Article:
I remember seeing you and you showed me a proof sheet. I think Gabe let me shoot a few rolls of film and he got them processed for you and you were just so blown away by the proof sheets. You were like, “Dude, look at these things. This is insane.” it made your photos look so professional.
So those are the first two rolls of film I’d ever shot. That was right before I left onto this tour in 1995. That was probably early summer 1995. Gabe had given me a camera, a Minolta X-700. It had a a 50mm 1.4 and a fisheye, which I believe was Tobin’s first fisheye. He gave me that and I think those two rolls were given to me for me to sort of get the hang of it and test the meter. I remember when Gabe brought those proof sheets back and just being like blown away that I’d actually made those pictures,. I’d never thought I could do that. I think also, because they were proper proof sheets from a professional photo lab, they just looked really good. That was just before we were leaving to go on a summer tour.
Yeah, that's really inspiring. You went on a DLX summer skate trip, but you weren't a seasoned photographer by any means. So basically, this was like your beginning photo 101 into photography, so to say?
I really had absolutely no idea what I was doing. I didn't consider myself a photographer. I had no intention of doing anything with the photos. I was just excited to have a camera. I was just taking pictures purely for fun, often just because I was bored. It was really pure, you know, just me taking pictures of my friends in a very unassuming and innocent way. That’s where this book comes in, it’s from the 12 rolls I shot on that trip. It's funny because I still consider them be some of the better pictures I've ever taken.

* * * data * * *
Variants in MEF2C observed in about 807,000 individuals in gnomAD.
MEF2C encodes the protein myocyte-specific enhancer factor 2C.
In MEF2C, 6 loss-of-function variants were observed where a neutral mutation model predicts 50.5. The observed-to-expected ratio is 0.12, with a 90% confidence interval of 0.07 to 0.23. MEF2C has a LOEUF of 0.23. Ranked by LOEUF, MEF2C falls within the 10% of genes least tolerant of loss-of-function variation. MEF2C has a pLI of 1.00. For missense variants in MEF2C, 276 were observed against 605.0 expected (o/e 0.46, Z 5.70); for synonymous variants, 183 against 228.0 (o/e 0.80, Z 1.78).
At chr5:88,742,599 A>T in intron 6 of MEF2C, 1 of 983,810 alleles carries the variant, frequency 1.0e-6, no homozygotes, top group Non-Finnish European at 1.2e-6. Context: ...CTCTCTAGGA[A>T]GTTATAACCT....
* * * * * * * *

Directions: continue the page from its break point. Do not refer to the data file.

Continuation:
For instance, one of the images was used on Tommy Guerrero's album.
Yeah, that’s one of them. It’s a picture in the book that a lot people might recognize. It’s funny because I don't remember shooting it. Sometimes, I think that by not being aware of what I was doing, I was actually shooting photos that were a lot more interesting. I wasn't following any rules.
Of course, I didn't realize it at the time, but that trip and those pictures are what completely changed my trajectory in life, to eventually become a photographer, and a filmmaker. I had no ambition to do anything like that prior. Shooting pictures on that trip, and then coming home and seeing the photos is when I really fell in love with photography and started taking it seriously.
I remember you had a dark room in your apartment on Bush Street in San Francisco. You were showing me a few prints and I was like, “Oh, these are okay.” Like, they were just average prints. Then I think you took a class at City College of San Francisco and literally a month later you showed me a print and it was so gorgeous. The printing, the contrast, it was just so beautiful. It was crazy. It was like you learned switch 360 flips. You really got the knack of using the darkroom really quick.
Yeah, I fell in love with photography really quickly. It was right after that summer skate trip when Gabe and I set up that darkroom. Pretty soon after that, I was as into photography as I was skateboarding, if not more.
I don't ever remember skating San Francisco with you where you had a camera. I felt like you kept it kind of separate in a way?
I did. I'd walk around at night and on rainy days or even nice days and shoot pictures but I would never bring a camera skating. I don't know why, it's probably just because I just didn't want to carry it around. I always liked to go skating with nothing, just a jacket. So I'm sure that's why.